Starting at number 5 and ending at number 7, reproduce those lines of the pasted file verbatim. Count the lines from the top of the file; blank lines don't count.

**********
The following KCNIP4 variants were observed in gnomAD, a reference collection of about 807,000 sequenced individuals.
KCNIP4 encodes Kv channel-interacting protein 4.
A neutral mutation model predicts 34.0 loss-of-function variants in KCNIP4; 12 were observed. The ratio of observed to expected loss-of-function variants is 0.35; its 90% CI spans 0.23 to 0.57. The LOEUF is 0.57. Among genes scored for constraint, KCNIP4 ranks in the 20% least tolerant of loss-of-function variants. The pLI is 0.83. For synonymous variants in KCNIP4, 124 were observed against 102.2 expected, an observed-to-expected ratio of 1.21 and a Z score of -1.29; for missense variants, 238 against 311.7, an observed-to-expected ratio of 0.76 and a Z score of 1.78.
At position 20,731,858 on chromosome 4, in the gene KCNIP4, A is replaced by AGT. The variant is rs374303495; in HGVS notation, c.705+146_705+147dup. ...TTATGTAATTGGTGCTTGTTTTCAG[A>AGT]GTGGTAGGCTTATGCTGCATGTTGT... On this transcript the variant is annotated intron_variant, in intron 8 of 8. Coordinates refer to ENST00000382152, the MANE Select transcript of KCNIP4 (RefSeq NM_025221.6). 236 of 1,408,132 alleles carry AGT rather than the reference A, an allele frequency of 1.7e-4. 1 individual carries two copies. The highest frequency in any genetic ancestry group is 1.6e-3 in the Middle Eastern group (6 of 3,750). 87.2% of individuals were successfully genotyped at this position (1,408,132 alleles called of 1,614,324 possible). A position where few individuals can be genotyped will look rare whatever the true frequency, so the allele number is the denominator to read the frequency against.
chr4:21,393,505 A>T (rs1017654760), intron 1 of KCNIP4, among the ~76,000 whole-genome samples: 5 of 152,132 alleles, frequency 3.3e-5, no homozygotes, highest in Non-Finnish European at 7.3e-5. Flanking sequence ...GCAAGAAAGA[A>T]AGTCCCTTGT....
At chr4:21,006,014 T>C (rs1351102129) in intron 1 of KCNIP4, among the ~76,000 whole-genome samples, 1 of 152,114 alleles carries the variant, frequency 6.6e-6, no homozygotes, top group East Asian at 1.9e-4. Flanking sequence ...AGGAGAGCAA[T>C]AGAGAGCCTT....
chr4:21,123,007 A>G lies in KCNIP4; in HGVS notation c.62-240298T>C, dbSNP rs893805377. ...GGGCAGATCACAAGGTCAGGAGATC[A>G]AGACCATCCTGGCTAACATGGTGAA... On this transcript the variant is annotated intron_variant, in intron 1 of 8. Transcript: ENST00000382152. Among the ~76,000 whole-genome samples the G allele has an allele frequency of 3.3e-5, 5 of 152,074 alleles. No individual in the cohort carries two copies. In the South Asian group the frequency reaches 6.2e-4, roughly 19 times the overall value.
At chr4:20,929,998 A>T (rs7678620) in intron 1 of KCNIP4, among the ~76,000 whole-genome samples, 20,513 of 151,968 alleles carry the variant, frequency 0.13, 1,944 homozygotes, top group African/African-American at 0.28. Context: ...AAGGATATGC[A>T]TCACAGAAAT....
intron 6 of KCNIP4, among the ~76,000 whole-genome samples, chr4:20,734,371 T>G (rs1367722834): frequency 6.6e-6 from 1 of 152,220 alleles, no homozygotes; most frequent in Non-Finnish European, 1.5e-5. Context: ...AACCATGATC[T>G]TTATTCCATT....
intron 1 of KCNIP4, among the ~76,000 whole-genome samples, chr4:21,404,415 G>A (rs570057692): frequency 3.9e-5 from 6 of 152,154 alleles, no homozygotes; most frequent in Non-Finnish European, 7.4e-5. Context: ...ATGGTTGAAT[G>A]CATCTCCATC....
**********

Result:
chr4:21,393,505 A>T (rs1017654760), intron 1 of KCNIP4, among the ~76,000 whole-genome samples: 5 of 152,132 alleles, frequency 3.3e-5, no homozygotes, highest in Non-Finnish European at 7.3e-5. Flanking sequence ...GCAAGAAAGA[A>T]AGTCCCTTGT....
At chr4:21,006,014 T>C (rs1351102129) in intron 1 of KCNIP4, among the ~76,000 whole-genome samples, 1 of 152,114 alleles carries the variant, frequency 6.6e-6, no homozygotes, top group East Asian at 1.9e-4. Flanking sequence ...AGGAGAGCAA[T>C]AGAGAGCCTT....
chr4:21,123,007 A>G lies in KCNIP4; in HGVS notation c.62-240298T>C, dbSNP rs893805377. ...GGGCAGATCACAAGGTCAGGAGATC[A>G]AGACCATCCTGGCTAACATGGTGAA... On this transcript the variant is annotated intron_variant, in intron 1 of 8. Transcript: ENST00000382152. Among the ~76,000 whole-genome samples the G allele has an allele frequency of 3.3e-5, 5 of 152,074 alleles. No individual in the cohort carries two copies. In the South Asian group the frequency reaches 6.2e-4, roughly 19 times the overall value.